Intranet Project - Rad Or Waterfall?



I have often used the analogy of building a bridge to explain to
business colleagues the difference between Rapid Application
Development (RAD) and Waterfall.

Let's say that we are in the middle ages and the Mayor of Kingston-
upon-Thames is evaluating whether or not to build a bridge over the
river to the north side, to replace the current ferry. The whole area
has been growing rapidly and a bridge at Kingston should give his town
a lead against competing local towns like Ham and Richmond (who also
have their own ferries).

However, building a bridge presents problems. Firstly, the bedrock
north and south of the river are very different. Secondly, the river
is still tidal at this point and its path continues to vary across the
floodplain. Finally - and perhaps most importantly - there is no
guarantee that the projected growth in cross-river traffic will indeed
materialise - or that people will wish to cross at this precise point,
rather than further up, or down, river. A new bridge could prove an
expensive white elephant and divert much-needed town resources away
from other projects. The increased local taxes required could also
scare the very businesses he is hoping to attract away to other local

Option 1 - Waterfall

Waterfall, as a methodology, is all about building reliable systems.
At each stage of the lifecycle, the results are correct. The Mayor's
engineer believes that - when building a bridge - the result needs to
be safe, sound and capable of lasting for decades. He recommends a
design phase, which includes thoroughly testing the bedrock by driving
piles and developing ways to limit the future variance of the river's
course. During the build phase, the bridge would be tested to ensure
it can take the loads that will be placed upon it and to deal with
high winds or flood conditions. The engineer confirms that each stage
would only start once the previous stage had been proved correct
beyond reasonable doubt. The stone bridge will take five whole years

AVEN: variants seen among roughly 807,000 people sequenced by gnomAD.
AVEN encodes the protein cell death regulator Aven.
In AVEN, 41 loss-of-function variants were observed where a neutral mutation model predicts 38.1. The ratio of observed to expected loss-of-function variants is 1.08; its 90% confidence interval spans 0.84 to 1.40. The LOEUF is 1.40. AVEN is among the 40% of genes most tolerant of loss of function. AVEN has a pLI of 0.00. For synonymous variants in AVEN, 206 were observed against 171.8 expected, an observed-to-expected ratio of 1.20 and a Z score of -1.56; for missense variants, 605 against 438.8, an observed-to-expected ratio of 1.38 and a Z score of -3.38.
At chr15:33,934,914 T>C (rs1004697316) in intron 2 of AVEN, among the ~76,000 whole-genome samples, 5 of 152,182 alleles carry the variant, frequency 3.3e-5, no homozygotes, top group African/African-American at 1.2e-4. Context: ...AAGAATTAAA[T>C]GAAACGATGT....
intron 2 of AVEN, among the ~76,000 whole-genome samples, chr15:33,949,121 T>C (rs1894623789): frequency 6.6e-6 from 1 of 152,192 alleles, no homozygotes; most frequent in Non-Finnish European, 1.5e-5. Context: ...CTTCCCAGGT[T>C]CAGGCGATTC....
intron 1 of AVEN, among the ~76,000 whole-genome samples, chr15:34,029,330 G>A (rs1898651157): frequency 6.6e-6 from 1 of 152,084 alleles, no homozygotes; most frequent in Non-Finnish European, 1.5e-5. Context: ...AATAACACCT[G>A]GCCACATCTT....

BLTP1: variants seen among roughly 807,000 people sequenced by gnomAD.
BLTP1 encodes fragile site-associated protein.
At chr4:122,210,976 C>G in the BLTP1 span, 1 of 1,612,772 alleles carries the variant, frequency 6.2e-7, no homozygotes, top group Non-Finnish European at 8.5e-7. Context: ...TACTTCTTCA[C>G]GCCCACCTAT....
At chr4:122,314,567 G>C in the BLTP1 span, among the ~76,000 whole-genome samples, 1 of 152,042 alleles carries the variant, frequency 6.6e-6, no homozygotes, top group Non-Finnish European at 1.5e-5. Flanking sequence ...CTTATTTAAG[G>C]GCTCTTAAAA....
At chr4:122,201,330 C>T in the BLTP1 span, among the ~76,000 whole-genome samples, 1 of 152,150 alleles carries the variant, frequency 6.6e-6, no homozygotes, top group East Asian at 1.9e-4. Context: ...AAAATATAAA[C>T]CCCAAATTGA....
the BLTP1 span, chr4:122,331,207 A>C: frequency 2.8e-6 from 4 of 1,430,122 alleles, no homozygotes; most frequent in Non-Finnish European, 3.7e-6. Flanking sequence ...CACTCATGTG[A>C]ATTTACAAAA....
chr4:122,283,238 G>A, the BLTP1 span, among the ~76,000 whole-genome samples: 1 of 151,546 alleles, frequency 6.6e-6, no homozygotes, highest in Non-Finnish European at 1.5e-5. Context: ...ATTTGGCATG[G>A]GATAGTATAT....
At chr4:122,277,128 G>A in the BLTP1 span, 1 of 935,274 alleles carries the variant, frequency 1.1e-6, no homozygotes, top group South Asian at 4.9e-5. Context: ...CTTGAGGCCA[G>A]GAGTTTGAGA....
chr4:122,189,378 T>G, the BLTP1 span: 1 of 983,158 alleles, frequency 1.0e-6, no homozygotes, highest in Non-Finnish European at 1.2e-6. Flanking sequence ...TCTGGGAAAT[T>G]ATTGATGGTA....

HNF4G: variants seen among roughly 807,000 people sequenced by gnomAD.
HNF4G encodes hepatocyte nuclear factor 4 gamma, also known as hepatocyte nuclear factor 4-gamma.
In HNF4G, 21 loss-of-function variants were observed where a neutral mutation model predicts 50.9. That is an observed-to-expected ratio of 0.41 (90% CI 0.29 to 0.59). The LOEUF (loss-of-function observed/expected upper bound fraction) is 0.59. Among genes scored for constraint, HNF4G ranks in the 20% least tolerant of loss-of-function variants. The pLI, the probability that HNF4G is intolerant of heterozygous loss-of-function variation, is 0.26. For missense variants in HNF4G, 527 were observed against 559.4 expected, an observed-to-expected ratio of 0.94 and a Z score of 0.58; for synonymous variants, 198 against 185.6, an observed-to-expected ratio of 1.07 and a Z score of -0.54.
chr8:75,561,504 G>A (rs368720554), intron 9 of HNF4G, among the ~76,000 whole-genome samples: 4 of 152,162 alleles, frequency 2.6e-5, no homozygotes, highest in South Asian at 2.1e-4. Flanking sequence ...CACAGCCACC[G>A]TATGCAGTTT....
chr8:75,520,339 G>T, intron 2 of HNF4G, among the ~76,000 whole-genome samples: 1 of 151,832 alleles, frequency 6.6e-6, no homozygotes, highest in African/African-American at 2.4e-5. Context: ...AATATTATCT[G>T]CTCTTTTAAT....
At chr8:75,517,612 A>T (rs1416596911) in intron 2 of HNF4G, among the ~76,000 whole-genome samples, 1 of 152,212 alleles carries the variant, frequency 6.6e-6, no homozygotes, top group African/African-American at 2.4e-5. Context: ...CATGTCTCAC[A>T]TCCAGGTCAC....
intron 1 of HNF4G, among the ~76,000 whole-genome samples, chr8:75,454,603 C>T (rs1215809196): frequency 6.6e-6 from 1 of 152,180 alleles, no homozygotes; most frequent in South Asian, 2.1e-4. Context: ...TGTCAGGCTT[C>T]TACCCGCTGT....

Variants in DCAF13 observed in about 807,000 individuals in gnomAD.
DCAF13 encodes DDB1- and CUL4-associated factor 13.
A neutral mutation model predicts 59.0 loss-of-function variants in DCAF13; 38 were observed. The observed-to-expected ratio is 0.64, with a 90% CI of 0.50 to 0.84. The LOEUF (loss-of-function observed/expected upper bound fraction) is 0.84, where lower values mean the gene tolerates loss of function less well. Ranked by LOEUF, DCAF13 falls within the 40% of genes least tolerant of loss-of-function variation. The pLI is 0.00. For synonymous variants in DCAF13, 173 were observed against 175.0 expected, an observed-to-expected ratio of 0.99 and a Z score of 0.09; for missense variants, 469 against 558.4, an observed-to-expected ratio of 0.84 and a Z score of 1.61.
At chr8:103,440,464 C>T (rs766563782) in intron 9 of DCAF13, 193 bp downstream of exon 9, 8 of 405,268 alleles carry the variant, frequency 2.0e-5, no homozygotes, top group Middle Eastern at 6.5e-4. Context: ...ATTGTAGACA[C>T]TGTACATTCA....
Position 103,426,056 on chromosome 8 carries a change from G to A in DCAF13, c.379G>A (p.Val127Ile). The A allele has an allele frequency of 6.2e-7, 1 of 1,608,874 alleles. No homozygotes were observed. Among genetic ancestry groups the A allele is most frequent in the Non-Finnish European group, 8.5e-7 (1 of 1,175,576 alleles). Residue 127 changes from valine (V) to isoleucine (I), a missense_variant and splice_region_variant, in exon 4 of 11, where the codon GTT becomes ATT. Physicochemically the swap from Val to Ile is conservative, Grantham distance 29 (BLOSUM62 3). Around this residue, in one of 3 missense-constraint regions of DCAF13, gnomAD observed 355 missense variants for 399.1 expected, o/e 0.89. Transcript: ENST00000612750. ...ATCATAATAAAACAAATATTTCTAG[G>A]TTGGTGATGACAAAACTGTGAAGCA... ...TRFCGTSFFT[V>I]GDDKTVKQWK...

to build (with a high upfront cost commitment). If the project were
ever stopped, the value tied up in phases to date would be lost. The
engineer reminds the Mayor that a collapsed bridge would not help his
place in history!

Option 2 - RAD

RAD, as a methodology is all about building relevant systems. The
argument runs that it is better to be there quickly with 80% of the
functionality in 20% of the time, so as to take full advantage of the
business opportunity. The Mayor's political advisors recommend the RAD
option; to lay a pontoon bridge first alongside the existing ferry.
This can be achieved in just three months, using a series of boats
with a makeshift road surface and swing bridge lock for river vessels
to navigate. The pontoon bridge allows the business model to be tested
very quickly; If the expected benefits materialise, then further
iterations of the bridge can be constructed later on. Sounds good, but
of course (overall) the costs will be higher than waterfall if a full,
stone bridge is ultimately required. In the meantime, if the river
changes course, or floods impact the area, then the pontoon bridge
will be washed away. His chief advisor reminds him that a bridge five
years from now would not help his re-election prospects two years

The Mayor's selected option

Hmm. Interesting, isn't it. Not a clear-cut decision. There are good
arguments for either approach. The Mayor's decision will ultimately
depend on (a) how sure he is of his own vision, (b) his financial and
time constraints and (c) how changeable these factors are likely to be
over time. In short, he has a trade-off decision of relevance vs.

Turning the analogy onto Intranet Projects

In chapter 16 of my Intranet Portal Guide, I explore these concepts in
a bit more depth.However - put simply - the answer for you will depend
largely on how sure you are of your vision, the support of
stakeholders, the availability of resources and the degree of change
in your organisation and it's requirements.

If you are operating in a stable business environment and are well
funded and supported, then waterfall offers real benefits. You could
establish an Intranet Portal that is well founded, scalable and
secure. If not, then RAD could offer you the means to make some
progress now at low cost and use the results of your early work to
build a stronger case for future investment. It also allows you to
vary the approach - or begin again - should circumstances or
requirements change.

Most Intranet evangelists will find themselves perhaps in a mixed
situation, where there is support and funding but there is also the
risk of rapid changes to the underlying business environment and
requirements. Here, I would recommend a mixed approach: Use a
waterfall project to establish the underlying portal infrastructure
(as this platform will be the bedrock on which you will build and
needs to stand the test of time). Then use a RAD method to build the
content and applications (developing solutions that are timely and
relevant to businesses operating in a fast-moving and competitive


Option 1 - Waterfall

I recommend to google "waterfall". First hit after those beatifull
pictures will be:

Within the first paragraph there is:

"""Ironically, Royce was actually presenting this model as an
example of a flawed, non-working model.(Royce 1970)"""

So I cannot fight the feeling of seeing the realisation of a xkcd-
strip when reading about waterfall models...


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